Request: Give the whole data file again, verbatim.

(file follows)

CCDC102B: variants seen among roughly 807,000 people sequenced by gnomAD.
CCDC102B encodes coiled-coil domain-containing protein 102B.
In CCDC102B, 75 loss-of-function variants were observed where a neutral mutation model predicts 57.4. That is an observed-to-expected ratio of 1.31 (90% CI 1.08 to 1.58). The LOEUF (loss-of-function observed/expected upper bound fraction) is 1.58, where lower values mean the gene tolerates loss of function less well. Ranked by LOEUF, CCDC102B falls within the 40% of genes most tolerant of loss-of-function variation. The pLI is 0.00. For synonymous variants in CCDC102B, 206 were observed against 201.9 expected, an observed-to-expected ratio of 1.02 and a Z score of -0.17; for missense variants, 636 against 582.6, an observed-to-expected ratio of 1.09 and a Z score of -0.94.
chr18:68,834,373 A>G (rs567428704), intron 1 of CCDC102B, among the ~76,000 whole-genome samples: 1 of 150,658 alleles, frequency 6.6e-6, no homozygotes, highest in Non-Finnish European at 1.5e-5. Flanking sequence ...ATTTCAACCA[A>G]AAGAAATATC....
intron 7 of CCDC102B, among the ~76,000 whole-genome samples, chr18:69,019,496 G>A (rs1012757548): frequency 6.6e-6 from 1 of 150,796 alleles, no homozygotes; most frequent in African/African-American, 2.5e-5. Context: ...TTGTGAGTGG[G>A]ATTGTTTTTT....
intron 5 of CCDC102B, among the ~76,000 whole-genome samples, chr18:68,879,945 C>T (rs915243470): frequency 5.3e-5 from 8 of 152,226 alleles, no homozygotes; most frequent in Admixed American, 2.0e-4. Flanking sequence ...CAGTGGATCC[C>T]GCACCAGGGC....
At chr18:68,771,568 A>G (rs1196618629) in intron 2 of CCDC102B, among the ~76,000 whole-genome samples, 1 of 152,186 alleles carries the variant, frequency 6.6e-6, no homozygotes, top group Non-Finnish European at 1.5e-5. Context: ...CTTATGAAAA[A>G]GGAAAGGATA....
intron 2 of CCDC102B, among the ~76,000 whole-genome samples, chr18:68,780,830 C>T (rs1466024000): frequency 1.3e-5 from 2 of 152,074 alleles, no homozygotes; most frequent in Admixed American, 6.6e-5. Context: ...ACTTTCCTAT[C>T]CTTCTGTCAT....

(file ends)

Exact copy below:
CCDC102B: variants seen among roughly 807,000 people sequenced by gnomAD.
CCDC102B encodes coiled-coil domain-containing protein 102B.
In CCDC102B, 75 loss-of-function variants were observed where a neutral mutation model predicts 57.4. That is an observed-to-expected ratio of 1.31 (90% CI 1.08 to 1.58). The LOEUF (loss-of-function observed/expected upper bound fraction) is 1.58, where lower values mean the gene tolerates loss of function less well. Ranked by LOEUF, CCDC102B falls within the 40% of genes most tolerant of loss-of-function variation. The pLI is 0.00. For synonymous variants in CCDC102B, 206 were observed against 201.9 expected, an observed-to-expected ratio of 1.02 and a Z score of -0.17; for missense variants, 636 against 582.6, an observed-to-expected ratio of 1.09 and a Z score of -0.94.
chr18:68,834,373 A>G (rs567428704), intron 1 of CCDC102B, among the ~76,000 whole-genome samples: 1 of 150,658 alleles, frequency 6.6e-6, no homozygotes, highest in Non-Finnish European at 1.5e-5. Flanking sequence ...ATTTCAACCA[A>G]AAGAAATATC....
intron 7 of CCDC102B, among the ~76,000 whole-genome samples, chr18:69,019,496 G>A (rs1012757548): frequency 6.6e-6 from 1 of 150,796 alleles, no homozygotes; most frequent in African/African-American, 2.5e-5. Context: ...TTGTGAGTGG[G>A]ATTGTTTTTT....
intron 5 of CCDC102B, among the ~76,000 whole-genome samples, chr18:68,879,945 C>T (rs915243470): frequency 5.3e-5 from 8 of 152,226 alleles, no homozygotes; most frequent in Admixed American, 2.0e-4. Flanking sequence ...CAGTGGATCC[C>T]GCACCAGGGC....
At chr18:68,771,568 A>G (rs1196618629) in intron 2 of CCDC102B, among the ~76,000 whole-genome samples, 1 of 152,186 alleles carries the variant, frequency 6.6e-6, no homozygotes, top group Non-Finnish European at 1.5e-5. Context: ...CTTATGAAAA[A>G]GGAAAGGATA....
intron 2 of CCDC102B, among the ~76,000 whole-genome samples, chr18:68,780,830 C>T (rs1466024000): frequency 1.3e-5 from 2 of 152,074 alleles, no homozygotes; most frequent in Admixed American, 6.6e-5. Context: ...ACTTTCCTAT[C>T]CTTCTGTCAT....